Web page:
Environmental insurance—petrol stations
Produced in partnership with EDIA Environmental Insurance
Environmental insurance—petrol stations

The following Environment guidance note Produced in partnership with EDIA Environmental Insurance provides comprehensive and up to date legal information covering:

  • Environmental insurance—petrol stations
  • Petrol stations in the UK
  • Potential environmental liabilities associated with petrol stations
  • Legislation that applies to environmental damage caused by petrol stations
  • Insurance for environmental damage caused by petrol stations
  • Coverage for pollution
  • Considerations for the purchase and sale of operational petrol stations
  • Considerations when dealing with closed petrol stations
  • The investigation of forecourts and USTs
  • Information requirements to allow an insurance quote to be obtained
  • more

Petrol stations in the UK

From a peak of 39,958 in the late 1960s, there are now around 8,400 petrol forecourts in the UK.

When considering any environmental liability associated with petrol stations, consideration should be given to those locations that are:

  1. operational forecourts

  2. forecourts due to close and be redeveloped, and

  3. closed forecourts that were redeveloped in the past

Given their location (often) in town centres, redevelopment is often completed for residential end use.

Although forecourts sell fuel from the oil majors, the businesses themselves are owned by smaller entities. The improvement in land value associated with redevelopment has driven the closure of many petrol stations, especially as small businesses operating them have found it hard to remain profitable.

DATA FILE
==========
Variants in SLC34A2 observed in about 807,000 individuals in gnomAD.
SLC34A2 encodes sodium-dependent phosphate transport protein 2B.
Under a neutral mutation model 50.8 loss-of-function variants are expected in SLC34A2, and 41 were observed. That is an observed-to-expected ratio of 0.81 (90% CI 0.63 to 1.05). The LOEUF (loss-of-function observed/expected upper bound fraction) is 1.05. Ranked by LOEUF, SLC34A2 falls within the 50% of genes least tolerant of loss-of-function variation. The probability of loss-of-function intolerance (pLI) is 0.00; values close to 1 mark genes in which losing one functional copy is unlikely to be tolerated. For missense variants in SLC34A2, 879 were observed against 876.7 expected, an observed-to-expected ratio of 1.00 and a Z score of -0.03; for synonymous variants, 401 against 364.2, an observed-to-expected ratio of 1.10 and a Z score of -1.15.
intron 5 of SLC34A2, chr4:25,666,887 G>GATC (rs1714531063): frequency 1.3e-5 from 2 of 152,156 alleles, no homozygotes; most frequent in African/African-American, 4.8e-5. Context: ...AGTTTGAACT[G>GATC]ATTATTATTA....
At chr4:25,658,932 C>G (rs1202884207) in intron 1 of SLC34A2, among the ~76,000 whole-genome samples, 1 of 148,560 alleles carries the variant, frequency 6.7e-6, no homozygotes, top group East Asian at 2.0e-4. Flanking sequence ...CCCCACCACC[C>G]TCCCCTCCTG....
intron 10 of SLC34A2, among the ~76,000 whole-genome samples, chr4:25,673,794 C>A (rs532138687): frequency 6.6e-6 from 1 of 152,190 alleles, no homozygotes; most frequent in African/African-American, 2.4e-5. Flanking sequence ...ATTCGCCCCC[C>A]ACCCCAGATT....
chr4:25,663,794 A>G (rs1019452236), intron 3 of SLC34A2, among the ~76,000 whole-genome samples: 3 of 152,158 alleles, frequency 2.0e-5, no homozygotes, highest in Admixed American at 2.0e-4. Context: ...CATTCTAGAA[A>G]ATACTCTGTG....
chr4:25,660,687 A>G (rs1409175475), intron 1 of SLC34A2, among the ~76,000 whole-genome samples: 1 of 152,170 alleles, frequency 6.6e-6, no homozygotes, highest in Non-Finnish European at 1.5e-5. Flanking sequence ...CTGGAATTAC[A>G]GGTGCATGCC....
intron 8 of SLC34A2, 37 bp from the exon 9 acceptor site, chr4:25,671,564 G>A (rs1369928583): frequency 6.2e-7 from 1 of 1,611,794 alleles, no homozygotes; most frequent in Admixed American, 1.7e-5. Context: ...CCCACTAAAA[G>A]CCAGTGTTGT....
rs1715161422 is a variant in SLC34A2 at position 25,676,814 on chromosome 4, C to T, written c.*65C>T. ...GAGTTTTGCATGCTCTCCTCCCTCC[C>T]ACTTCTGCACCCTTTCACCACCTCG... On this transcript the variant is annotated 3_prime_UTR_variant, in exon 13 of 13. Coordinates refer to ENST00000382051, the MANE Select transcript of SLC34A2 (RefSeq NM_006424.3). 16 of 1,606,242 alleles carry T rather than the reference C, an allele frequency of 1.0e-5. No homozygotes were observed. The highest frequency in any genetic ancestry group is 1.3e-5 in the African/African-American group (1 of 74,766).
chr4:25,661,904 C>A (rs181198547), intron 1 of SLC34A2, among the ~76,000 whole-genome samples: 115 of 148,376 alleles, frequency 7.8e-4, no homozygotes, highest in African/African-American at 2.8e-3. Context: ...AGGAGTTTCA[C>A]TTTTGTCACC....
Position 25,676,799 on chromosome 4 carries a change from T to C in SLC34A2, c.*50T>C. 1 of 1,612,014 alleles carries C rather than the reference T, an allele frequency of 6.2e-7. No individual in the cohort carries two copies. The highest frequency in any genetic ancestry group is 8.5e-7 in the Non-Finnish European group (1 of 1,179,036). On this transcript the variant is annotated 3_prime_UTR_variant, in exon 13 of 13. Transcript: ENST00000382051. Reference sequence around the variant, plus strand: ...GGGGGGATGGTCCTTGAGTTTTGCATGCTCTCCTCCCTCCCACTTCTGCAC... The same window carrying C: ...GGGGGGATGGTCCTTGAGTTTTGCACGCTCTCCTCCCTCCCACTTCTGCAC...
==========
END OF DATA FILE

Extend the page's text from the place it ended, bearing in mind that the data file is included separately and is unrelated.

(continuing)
Potential environmental liabilities associated with petrol stations

Petrol stations have the potential to cause environmental damage from:

  1. the leakage of fuel from underground storage tanks (USTs) and the associated pipeline system to the pumps

  2. leakage from drainage systems, surface run off of spills or the poor performance of drainage interceptors, and

  3. vapours from loading of fuel tanks—in 2004 a study concluded that there was a quadrupled incidence of leukemia in children living near petrol stations

USTs are of particular concern to the environment, for the following reasons:

  1. as they are located underground and made of metal, they are subject to corrosion

  2. many